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Delusions, chaos and a shot at a new life at Q-School, darts’ dream factory | Jonathan Liew | Sport

The little girl in the blue leotard grips her mother’s hand tightly, but her gaze is elsewhere. She is spellbound, perhaps even a little baffled, by the tableau she has just glimpsed on her way to gymnastics practice at the Robin Park Leisure Centre in Wigan. There, the large space she usually knows as the tennis hall is instead occupied by several hundred people, most of them middle-aged men in loud shirts, very few of them – if we’re being blunt – the usual leisure centre clientele. There’s a Body Combat class taking place in the sports hall and a sprint session going on in the cycle studio. But here, for this week only, the dream factory is in town.

From the moment the doors opened at 8am, the queue quickly stretched out into the car park. They have come from all parts: former champions and pub chancers, future icons and fallen idols, county stalwarts and armchair aspirants, in pursuit of a better life. Win one of the Professional Darts Corporation’s coveted tour cards and a lucrative new career awaits. But to do so, they’ll need to see off 500 rivals in the ruthless four-day marathon of Q-School.

The rules are simple enough. Best of nine legs. Straight knockout. Play begins at 10.30am and continues until only two players remain, each of whom wins a place on the PDC main tour and a chance to play in the sport’s biggest tournaments. The next day, they come back and do it all again. Most importantly, anyone who pays the £450 entry fee can take part.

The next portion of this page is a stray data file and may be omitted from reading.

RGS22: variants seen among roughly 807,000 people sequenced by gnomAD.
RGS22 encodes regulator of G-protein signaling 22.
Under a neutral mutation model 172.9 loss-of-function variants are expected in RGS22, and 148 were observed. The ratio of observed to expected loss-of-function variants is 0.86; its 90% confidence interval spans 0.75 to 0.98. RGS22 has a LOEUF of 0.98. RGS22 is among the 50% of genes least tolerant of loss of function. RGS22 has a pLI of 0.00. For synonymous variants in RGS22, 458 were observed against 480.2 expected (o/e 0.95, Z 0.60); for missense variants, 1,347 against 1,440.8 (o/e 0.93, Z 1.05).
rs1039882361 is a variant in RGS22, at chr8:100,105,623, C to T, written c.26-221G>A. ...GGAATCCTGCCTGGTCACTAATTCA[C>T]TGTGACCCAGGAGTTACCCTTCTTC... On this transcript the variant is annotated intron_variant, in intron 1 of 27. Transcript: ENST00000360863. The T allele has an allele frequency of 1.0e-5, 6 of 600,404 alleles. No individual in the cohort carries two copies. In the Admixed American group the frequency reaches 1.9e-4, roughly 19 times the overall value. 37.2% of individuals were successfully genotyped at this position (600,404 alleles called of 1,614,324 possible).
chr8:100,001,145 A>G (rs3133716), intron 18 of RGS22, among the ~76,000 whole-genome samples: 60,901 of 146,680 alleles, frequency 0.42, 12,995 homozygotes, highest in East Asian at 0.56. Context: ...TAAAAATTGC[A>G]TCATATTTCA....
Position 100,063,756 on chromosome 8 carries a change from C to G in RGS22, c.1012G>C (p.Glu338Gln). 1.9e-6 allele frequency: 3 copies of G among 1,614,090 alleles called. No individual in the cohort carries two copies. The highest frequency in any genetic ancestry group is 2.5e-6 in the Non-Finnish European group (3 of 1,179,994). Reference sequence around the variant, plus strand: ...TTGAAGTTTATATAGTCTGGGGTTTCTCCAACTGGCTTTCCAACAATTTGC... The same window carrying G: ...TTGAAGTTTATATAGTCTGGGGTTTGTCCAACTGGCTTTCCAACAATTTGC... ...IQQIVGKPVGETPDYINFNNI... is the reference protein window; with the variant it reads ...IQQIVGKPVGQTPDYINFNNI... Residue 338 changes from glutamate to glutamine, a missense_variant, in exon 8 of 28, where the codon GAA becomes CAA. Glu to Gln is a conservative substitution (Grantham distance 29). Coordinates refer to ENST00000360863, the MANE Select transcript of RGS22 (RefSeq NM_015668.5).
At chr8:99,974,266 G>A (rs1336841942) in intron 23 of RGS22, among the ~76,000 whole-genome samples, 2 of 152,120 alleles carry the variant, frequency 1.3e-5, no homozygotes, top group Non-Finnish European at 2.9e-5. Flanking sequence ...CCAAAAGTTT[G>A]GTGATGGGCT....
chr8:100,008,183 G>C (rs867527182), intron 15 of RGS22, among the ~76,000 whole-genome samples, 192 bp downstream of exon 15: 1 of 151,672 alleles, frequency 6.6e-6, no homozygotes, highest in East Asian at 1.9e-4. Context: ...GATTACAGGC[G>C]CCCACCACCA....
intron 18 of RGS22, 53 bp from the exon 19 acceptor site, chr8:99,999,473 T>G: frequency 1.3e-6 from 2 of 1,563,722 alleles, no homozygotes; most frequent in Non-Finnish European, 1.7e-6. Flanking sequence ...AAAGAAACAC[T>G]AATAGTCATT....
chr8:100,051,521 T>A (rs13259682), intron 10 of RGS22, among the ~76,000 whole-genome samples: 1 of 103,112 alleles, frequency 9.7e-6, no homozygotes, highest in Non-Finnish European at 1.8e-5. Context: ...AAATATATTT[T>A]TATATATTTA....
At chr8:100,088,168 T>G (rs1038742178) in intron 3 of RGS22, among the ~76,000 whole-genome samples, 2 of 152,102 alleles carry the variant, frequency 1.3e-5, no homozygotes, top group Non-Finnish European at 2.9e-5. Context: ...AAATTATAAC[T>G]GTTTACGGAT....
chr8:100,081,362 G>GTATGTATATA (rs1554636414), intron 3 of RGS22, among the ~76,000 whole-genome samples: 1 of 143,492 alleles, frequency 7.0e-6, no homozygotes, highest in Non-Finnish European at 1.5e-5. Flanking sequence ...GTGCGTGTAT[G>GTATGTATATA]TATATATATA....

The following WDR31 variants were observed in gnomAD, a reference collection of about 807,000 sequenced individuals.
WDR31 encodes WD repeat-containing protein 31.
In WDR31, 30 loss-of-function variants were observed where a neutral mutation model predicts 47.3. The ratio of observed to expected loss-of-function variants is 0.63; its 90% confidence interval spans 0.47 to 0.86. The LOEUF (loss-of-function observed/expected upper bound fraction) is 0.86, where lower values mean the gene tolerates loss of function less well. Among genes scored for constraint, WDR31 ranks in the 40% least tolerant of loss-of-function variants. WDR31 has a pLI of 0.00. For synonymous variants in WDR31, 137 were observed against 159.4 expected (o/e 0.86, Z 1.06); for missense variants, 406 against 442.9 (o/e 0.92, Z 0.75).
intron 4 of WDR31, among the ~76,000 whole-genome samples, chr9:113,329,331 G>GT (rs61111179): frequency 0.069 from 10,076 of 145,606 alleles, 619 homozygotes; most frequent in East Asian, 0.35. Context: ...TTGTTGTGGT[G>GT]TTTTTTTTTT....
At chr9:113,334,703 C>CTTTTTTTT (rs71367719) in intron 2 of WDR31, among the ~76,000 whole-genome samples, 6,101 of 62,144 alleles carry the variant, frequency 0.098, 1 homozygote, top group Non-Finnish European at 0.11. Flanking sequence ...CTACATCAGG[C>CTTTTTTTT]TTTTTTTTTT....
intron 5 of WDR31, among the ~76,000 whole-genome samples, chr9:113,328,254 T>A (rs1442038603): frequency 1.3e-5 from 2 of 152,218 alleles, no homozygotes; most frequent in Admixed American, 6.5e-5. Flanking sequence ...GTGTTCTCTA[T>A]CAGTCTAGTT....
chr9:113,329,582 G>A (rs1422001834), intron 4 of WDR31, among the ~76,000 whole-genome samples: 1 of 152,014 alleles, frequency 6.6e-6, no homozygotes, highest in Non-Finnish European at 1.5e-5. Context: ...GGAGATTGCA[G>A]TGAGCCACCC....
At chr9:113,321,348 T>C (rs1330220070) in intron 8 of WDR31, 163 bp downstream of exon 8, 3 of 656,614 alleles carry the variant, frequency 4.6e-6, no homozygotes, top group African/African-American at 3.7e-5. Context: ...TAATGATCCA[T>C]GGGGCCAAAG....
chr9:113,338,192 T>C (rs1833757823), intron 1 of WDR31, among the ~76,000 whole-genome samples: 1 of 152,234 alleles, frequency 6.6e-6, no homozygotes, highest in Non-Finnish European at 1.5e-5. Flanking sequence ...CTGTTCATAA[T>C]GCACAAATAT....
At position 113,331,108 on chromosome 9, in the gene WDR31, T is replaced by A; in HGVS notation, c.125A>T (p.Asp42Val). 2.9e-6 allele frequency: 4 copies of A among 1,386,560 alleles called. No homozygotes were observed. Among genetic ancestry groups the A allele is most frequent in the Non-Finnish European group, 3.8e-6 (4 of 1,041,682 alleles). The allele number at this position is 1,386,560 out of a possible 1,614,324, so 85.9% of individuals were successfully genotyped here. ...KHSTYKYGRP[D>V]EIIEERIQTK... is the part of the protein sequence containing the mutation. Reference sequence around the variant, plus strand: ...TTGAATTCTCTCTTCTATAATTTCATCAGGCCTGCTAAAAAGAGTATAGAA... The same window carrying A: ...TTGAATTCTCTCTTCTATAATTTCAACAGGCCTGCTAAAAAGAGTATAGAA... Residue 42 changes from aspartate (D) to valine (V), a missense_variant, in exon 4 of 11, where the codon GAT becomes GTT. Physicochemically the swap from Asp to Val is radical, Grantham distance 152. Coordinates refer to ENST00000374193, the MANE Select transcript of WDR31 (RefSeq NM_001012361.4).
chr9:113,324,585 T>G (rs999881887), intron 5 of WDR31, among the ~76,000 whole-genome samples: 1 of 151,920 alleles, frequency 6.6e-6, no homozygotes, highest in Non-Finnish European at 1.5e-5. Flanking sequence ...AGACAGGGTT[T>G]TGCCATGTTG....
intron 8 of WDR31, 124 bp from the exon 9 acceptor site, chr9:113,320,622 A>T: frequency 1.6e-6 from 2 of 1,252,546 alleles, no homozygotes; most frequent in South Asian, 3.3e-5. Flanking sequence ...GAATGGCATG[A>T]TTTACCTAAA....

One of them is Gingerami. By night, Gingerami (real name Nathan Richards) works 12-hour shifts at the Amazon warehouse in Peterborough. By day, he spends every spare penny he has chasing his dream of playing professional darts. He’s brash and confident, fist-bumping everyone he sees, telling his next opponent he’s “already booked him a taxi home”. He’s also, in five years at Q-School, yet to win a single match.





A player warms up ahead of the competition.



A player warms up ahead of the competition. Photograph: Joel Goodman/The Guardian

It is, after all, a ruthless competition. Among the field are former major winners Kevin Painter and Paul Nicholson, leading women’s players such as Fallon Sherrock and Lisa Ashton, the cream of the ailing British Darts Organisation. Even for the very best, the odds are stacked against. “It’s so outrageously hard,” says John Part, a three-times world champion desperately trying to reclaim his place on the tour. “It’s a numbers game, and it’s hard to beat.”

Undeterred, they keep coming. The first Q-School in 2011 attracted just over 100 entrants. That number has since swelled fivefold, the examples of former Q-School graduates Gerwyn Price and Nathan Aspinall and the idea of not having to go back to work on Monday morning driving the participants on.